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Future Voices: When it comes to children's care homes, is Tracy Beaker fact or fiction?

PUBLISHED: 12:00 19 October 2016

Dame Jacqueline Wilson poses for photographers in a recreation of her childhood bedroom during a photo call at the V&A Museum of Childhood, London, ahead of an exhibition entitled Daydreams and Diaries, the story of Jacqueline Wilson, which charts Dame Jacqueline's contribution to children's literature and opens on the April 5th. PRESS ASSOCIATION Photo. Picture date: Thursday April 3, 2014. Photo credit should read: Gareth Fuller/PA Wire

Dame Jacqueline Wilson poses for photographers in a recreation of her childhood bedroom during a photo call at the V&A Museum of Childhood, London, ahead of an exhibition entitled Daydreams and Diaries, the story of Jacqueline Wilson, which charts Dame Jacqueline's contribution to children's literature and opens on the April 5th. PRESS ASSOCIATION Photo. Picture date: Thursday April 3, 2014. Photo credit should read: Gareth Fuller/PA Wire

Fierce, feisty and full of attitude - three phrases you can definitely use to describe Tracy Beaker, but can you add realistic to that list?

Picture shows Starring Tracy Beaker (Hardcover) 
by Jacqueline Wilson (Author) 
full libraries report from CIPFA
For EDP
Copy: Lorna MarshPicture shows Starring Tracy Beaker (Hardcover) by Jacqueline Wilson (Author) full libraries report from CIPFA For EDP Copy: Lorna Marsh

It is through the eyes of Tracy Beaker that many children get their only insight into life in a children’s care home. As an avid reader of the Jacqueline Wilson’s books, and viewer of the TV shows The Story of Tracy Beaker and The Dumping Ground, I was interested to find out how much research went into them.

Jacqueline Wilson was certainly aware of the responsibility on her shoulders.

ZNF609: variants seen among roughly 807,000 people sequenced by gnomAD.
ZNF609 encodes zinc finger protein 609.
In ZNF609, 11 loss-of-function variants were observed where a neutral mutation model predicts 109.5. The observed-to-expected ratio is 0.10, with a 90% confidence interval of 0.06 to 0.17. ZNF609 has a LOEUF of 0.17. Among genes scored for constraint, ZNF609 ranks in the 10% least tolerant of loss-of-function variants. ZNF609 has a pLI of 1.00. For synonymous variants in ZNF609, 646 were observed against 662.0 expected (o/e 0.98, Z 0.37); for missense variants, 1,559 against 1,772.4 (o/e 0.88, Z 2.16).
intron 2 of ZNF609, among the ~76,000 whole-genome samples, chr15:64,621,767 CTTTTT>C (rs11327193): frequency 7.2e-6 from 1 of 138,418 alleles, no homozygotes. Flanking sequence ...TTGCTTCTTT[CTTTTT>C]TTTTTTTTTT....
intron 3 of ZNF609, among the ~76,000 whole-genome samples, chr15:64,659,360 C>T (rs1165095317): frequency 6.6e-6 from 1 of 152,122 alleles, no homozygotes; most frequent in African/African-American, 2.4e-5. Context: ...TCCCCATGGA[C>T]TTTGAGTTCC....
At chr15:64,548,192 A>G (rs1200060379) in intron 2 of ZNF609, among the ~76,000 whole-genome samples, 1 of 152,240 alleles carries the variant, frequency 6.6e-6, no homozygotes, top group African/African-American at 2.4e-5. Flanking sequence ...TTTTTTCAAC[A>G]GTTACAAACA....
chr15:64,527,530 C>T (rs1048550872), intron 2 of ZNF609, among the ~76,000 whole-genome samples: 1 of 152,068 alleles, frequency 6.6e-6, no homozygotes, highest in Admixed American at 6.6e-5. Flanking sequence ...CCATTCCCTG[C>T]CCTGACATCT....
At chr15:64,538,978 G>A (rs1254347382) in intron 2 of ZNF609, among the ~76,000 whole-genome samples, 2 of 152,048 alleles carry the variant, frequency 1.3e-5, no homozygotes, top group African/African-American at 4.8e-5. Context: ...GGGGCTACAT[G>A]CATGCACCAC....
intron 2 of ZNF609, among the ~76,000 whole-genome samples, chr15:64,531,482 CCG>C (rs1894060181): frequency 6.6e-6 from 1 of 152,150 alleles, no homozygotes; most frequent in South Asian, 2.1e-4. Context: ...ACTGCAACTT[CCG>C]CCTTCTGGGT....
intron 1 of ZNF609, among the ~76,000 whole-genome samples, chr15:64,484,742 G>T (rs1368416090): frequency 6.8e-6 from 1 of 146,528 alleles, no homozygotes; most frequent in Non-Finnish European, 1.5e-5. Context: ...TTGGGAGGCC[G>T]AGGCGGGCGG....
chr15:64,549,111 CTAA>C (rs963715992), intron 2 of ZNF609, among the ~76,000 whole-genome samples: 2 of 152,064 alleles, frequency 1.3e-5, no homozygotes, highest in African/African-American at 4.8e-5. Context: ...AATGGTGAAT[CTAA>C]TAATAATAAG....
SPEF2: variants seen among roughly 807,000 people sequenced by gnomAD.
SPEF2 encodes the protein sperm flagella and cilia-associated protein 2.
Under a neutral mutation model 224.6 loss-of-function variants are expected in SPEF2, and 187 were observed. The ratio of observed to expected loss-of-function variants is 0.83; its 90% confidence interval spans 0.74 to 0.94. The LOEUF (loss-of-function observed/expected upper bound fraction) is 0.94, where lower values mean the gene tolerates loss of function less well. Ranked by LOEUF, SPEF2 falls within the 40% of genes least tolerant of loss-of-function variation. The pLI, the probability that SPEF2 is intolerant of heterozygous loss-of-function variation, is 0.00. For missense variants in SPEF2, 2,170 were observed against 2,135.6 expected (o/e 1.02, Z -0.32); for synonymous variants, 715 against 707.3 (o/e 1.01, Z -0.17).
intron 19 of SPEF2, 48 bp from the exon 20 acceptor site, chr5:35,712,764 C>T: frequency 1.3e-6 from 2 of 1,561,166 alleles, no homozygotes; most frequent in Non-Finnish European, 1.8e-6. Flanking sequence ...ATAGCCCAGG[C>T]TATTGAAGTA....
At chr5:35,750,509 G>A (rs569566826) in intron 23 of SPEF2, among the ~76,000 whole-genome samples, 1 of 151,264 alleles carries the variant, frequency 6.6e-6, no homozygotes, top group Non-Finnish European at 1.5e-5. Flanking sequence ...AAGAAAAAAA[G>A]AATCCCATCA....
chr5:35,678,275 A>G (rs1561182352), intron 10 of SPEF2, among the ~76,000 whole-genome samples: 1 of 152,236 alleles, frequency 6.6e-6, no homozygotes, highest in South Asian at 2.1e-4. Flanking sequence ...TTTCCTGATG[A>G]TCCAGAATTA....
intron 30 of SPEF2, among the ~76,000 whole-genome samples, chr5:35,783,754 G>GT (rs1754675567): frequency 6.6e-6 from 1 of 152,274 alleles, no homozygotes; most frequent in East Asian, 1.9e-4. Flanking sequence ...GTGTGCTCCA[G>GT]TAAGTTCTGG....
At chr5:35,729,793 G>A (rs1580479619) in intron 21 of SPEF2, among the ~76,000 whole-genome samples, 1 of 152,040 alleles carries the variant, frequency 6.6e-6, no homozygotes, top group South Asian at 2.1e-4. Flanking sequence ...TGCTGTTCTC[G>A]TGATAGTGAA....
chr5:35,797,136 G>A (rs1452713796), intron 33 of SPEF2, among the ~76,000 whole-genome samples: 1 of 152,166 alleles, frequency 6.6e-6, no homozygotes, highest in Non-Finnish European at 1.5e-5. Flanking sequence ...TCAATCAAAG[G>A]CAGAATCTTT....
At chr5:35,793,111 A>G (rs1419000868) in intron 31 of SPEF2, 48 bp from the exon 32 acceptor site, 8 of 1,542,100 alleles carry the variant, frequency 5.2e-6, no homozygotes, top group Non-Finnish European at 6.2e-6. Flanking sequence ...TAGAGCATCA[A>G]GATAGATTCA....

In 2013, the former Children’s Laureate told the Daily Mirror: “For children who are lucky enough to have secure homes, with loving parents, it’s a gentle education. Often, it’s the luck of the draw and it’s important for young people to understand what other people are going through.”

But Dame Jacqueline is not frightened to cover some tough topics - siblings being broken up, fostering, internet safety and more. However she has always drawn the line at storylines around drugs and sex.

In a Guardian interview, she suggested the books do give a true reflection of a life in children’s home: “They (the audience) do see the downsides of it, too...they see that no matter what, it’s still your mum that you want.”

The TV producers of The Dumping Ground are also very careful to make the details as realistic as possible, and Bev Costello, a children’s advocate, is an adviser. She attends the initial story conference when writers develop ideas for plots.

She said that this has caused “no battles, although I’ve had to put to put my point across quite strongly”.

The writers have also been into one of the children’s homes where she works to talk to children and get their views on storylines.

However, the name of the show Dumping Ground certainly does not describe the care home featured in the CBBC show. It portrays a loving and caring home, with kind care workers who do their best for the children.

I don’t think people should be influenced by its name – but should be influenced by the stories.

To find out more about Norfolk Children’s Services and looked after children visit www.norfolk.gov.uk/children-and-families/children-in-care

Emily Oxbury, 15, Thorpe St Andrew School

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